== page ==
Newspaper article The Christian Science Monitor

Post-Ballot Box Communism Eastern European Elections Left the Adherents of Marx and Lenin Down, but Not Totally Out

Newspaper article The Christian Science Monitor

Post-Ballot Box Communism Eastern European Elections Left the Adherents of Marx and Lenin Down, but Not Totally Out

Article excerpt

WITH the Bulgarian parliamentary elections having ended on June 17, Eastern Europe's season of the ballot is over. The spring of elections was expected to finish the job started by the spectacular revolutions of the previous fall. In some countries it did, while in others the post-electoral situation is still rather ambiguous. It will take some time before the experts analyze the full impact of the elections on the East European political landscape.

The region's first free elections since the end of World War II tested the strength and mass appeal of the newly emerged democratic movements as well as the resilience and adaptability to change of the old communist regimes. It also added a further wrinkle to Gorbachev's dilemma of sacrificing empire for the sake of Soviet democratization in accordance with the Marxist dictum that no nation that subjugates other nations can be itself free.

Above all, the election results have been viewed as a kind of popular referendum on the future of East European communism. Here, the verdict is somewhat mixed.

It was the East German Socialist Unity Party which suffered the most momentous defeat - not because the communists with just over 16 percent of the vote made a bad showing, but because the election results opened the floodgates of German reunification and thus paved the way for the disappearance of the Soviet-built East German party-state. It can be argued, however, that the East German vote was as much nationalist and pro-unity in its message as it was anti-communist. Still, the East German communists face a very bleak political future, indeed, in a united Germany.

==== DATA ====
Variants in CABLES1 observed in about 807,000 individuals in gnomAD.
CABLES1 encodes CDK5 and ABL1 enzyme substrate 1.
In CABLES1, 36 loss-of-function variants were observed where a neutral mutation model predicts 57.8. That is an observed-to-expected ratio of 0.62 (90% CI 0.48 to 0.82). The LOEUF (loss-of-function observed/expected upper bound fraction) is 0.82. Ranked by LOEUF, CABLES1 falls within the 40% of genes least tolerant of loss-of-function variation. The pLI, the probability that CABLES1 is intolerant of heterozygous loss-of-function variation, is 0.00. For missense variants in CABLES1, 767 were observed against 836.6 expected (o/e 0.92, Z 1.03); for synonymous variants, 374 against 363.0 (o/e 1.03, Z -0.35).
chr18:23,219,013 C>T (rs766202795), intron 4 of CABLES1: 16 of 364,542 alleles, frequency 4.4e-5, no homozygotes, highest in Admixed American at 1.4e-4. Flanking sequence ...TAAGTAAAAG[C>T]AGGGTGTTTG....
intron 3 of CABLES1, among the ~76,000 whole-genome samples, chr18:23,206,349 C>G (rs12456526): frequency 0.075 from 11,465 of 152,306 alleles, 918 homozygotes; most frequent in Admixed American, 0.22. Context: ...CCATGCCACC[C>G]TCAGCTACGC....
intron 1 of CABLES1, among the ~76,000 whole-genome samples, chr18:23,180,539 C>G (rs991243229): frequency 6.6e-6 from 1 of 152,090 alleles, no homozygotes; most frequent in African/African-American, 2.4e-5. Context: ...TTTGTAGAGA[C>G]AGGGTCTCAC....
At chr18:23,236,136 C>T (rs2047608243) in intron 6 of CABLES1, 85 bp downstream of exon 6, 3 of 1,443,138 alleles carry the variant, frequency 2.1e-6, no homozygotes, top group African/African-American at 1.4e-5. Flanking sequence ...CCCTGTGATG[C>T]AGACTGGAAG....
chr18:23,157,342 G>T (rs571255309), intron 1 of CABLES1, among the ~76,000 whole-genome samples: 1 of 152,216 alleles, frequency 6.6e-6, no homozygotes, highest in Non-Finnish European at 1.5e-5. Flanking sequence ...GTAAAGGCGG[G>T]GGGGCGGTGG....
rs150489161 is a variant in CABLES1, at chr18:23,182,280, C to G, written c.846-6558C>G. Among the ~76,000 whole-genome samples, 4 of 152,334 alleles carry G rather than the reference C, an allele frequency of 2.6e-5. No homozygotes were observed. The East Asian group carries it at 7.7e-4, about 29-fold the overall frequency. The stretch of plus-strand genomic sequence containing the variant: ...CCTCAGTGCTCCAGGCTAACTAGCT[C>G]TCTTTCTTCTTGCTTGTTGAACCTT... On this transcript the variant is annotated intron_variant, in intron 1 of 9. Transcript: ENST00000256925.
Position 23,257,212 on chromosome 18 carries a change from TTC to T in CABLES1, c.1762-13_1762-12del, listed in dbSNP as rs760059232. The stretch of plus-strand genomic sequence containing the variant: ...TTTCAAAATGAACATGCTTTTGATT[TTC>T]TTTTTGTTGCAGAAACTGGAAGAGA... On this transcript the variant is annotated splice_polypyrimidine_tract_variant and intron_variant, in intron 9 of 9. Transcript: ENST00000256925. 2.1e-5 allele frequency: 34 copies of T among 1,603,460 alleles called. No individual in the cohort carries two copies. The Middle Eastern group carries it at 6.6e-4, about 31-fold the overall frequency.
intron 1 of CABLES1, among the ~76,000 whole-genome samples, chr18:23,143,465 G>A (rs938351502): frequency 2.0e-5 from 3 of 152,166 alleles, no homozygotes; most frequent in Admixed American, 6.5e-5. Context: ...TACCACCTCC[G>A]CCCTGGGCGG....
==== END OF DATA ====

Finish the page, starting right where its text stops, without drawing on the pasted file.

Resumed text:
The Hungarian Socialist Party, successor to the communists, suffered the most crushing electoral defeat among all the ruling communist parties in Eastern Europe. It won just 8.5 percent of the vote, in spite of its image as the region's most liberal and reform-minded communist party. In fact, the Socialists may have fallen victim to the success of their own liberalization program, although another possible explanation is that Hungarian communism never really recovered from the wrenching trauma of events of October 1956.

In Czechoslovakia, Vaclav Havel's Civic Forum not only trounced the communists at the ballot box, but the totalitarian idea for which the Communist Party has long stood was dealt its most devastating moral blow. Although winning just 13.6 percent of the vote, the Czechoslovak Communist Party - which appears to have been reduced to its post-Prague Spring hard-core - is defiantly unrepentant and threateningly waiting in the wings for another opportunity to return to power.

Although a pioneer of Eastern European reform, Poland faces an extremely complex internal situation. The Communist Party, renamed the Polish Socialist Party, still maintains its hold on important structures of state power such as the presidency, the Sejm (the powerful lower house of Parliament), the ministries of defense and the interior. Solidarity won overwhelmingly in Poland's municipal elections but appears unable to snatch all levers of power away from the former communists. For their part, the latter are patiently waiting for the radical economic reforms undertaken by the Solidarity-led government to unravel - an eventuality the renamed communists hope could revive their plummeting political fortunes. …

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